According to the present invention, however, a data classification for a log analysis of a system including a Web server is taken as an example. The analysis is performed for evaluating performance of the system by calculating an average of response time of the Web server for each Web page, based on a log of the Web server in which the URL and the time of each access are recorded.
The data classification is performed on the URLs, which have different structures, properties, or objects to each other. The URLs includes not only a static URL corresponding to an existing Web page, but also a dynamic URL corresponding to a Web page to be created by an application program. The dynamic URL includes a filename and parameters of the application program. Examples of the URL are:
The example (0) is an example of the static URL, which identifies a file “static.htm|” on a Web server “hostname”. The examples (1) to (4) are an example of the dynamic URL, which respectively includes the filename (such as “http://hostname/dynamic.asp” and “http://hostname/program.asp”) and a list of parameters following “?”. Each parameter includes the parameter name and the value thereof, which are separated by “&”. The URL in the example (1) includes parameters PARAM1, PARAM2, PARAM3, and PARAM4 and values v1, v2, v3, and v4 respectively.
When an operations manager tries to determine whether the Web server is operating normally, the sum of processing times of all accesses is divided by the number of the accesses for calculating an average time that is required for the Web server to send the Web page to a client after receiving a request.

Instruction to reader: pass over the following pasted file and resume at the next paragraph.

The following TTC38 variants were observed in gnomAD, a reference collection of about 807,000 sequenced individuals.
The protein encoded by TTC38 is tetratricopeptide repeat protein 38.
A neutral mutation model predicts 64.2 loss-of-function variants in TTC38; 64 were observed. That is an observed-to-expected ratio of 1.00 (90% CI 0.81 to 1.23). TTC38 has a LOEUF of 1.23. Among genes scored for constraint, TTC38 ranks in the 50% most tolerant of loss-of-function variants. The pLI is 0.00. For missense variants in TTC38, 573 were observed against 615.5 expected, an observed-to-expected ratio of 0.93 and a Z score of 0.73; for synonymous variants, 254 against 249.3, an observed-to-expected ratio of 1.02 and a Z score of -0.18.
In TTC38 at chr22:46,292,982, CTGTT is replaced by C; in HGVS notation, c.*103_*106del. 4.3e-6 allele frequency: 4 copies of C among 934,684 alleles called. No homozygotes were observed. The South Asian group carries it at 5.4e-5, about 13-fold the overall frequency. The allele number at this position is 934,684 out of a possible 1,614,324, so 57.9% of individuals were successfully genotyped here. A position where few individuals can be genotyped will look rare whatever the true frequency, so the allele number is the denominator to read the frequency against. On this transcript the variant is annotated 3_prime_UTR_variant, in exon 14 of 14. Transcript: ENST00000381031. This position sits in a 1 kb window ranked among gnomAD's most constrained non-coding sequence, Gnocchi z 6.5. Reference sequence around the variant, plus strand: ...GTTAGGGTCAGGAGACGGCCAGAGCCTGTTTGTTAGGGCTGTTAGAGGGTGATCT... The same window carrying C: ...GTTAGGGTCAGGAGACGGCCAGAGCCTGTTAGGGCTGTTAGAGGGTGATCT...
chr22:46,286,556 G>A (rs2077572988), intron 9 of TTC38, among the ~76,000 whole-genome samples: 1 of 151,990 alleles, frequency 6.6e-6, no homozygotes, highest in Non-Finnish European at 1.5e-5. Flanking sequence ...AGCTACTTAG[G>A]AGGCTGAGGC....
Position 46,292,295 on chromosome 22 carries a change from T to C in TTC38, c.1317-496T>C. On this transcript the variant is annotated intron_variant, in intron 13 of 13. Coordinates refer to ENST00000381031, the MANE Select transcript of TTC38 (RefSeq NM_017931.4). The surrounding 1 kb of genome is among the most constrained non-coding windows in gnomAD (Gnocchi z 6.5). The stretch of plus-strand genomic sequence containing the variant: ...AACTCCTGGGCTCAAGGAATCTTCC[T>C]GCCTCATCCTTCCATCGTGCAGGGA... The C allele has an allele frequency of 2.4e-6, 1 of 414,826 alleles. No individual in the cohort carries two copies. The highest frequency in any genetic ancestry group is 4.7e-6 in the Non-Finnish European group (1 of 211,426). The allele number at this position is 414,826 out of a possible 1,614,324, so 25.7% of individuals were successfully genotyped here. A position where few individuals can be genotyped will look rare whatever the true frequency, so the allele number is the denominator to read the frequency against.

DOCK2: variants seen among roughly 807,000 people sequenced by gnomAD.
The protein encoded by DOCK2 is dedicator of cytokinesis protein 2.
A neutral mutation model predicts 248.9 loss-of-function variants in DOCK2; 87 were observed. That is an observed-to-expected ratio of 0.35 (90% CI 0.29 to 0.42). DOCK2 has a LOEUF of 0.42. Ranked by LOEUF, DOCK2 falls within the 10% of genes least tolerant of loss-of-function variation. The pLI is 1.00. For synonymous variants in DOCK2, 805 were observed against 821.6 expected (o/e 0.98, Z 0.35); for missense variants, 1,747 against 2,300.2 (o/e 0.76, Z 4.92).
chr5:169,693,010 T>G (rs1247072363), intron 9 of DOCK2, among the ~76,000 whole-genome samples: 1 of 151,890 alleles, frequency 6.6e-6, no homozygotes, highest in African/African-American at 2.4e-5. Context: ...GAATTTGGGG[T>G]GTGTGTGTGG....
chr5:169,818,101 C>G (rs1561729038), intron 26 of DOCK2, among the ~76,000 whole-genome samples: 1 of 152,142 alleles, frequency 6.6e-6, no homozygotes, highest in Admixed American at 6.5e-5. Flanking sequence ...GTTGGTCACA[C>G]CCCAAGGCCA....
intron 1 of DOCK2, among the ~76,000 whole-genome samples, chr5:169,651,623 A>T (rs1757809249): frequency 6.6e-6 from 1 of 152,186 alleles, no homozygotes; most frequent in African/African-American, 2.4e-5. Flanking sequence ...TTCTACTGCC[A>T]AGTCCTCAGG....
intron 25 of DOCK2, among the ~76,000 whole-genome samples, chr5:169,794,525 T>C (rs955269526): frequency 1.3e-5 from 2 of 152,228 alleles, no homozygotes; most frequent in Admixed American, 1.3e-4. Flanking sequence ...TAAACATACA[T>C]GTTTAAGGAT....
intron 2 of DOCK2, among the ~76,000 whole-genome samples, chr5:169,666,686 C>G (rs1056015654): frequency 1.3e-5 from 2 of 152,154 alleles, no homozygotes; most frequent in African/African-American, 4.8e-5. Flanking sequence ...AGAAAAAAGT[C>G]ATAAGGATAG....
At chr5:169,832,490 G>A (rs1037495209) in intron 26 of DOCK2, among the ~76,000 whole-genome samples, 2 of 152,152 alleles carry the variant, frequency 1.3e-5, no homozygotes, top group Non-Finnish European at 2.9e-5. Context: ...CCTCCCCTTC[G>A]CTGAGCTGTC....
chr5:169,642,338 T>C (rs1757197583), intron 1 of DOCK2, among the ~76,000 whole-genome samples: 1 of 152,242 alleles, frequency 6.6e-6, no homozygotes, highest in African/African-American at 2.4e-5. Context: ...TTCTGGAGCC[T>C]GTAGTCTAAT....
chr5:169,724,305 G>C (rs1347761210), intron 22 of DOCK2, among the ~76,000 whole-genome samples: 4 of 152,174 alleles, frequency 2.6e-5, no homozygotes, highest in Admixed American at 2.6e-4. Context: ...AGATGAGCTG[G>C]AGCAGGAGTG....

However, what the operations manager wants to know actually can be an average processing time for each program or for each pattern of parameters for the program. When the operations manager focuses on the average processing time of each program, it can be calculated by neglecting all the parameters included in the URL. However, in some cases, the processing executed by a program can be largely different according to whether a specific parameter/value or a specific combination of parameters/values is included in the URL. Therefore, if the average processing time of each program is calculated as described above, the operations manager can overlook a potential failure that can occur when a specific parameter/value or a specific combination of parameters/values is included in the URL, in spite of the fact that the analysis is performed to identify the potential failure and the components of the system impacted by the failure.
In such cases, therefore, the average processing time needs to be calculated for each parameter/value included in the URL. However, if the URL is treated just as a character string, there are going to be too many types of URLs in which only the parameters are slightly different. For example, the URLs in the examples (1), (2), and (3) respectively include different parameters and values thereof, even though including the same filename of the program “http://hostname/dynamic.asp”.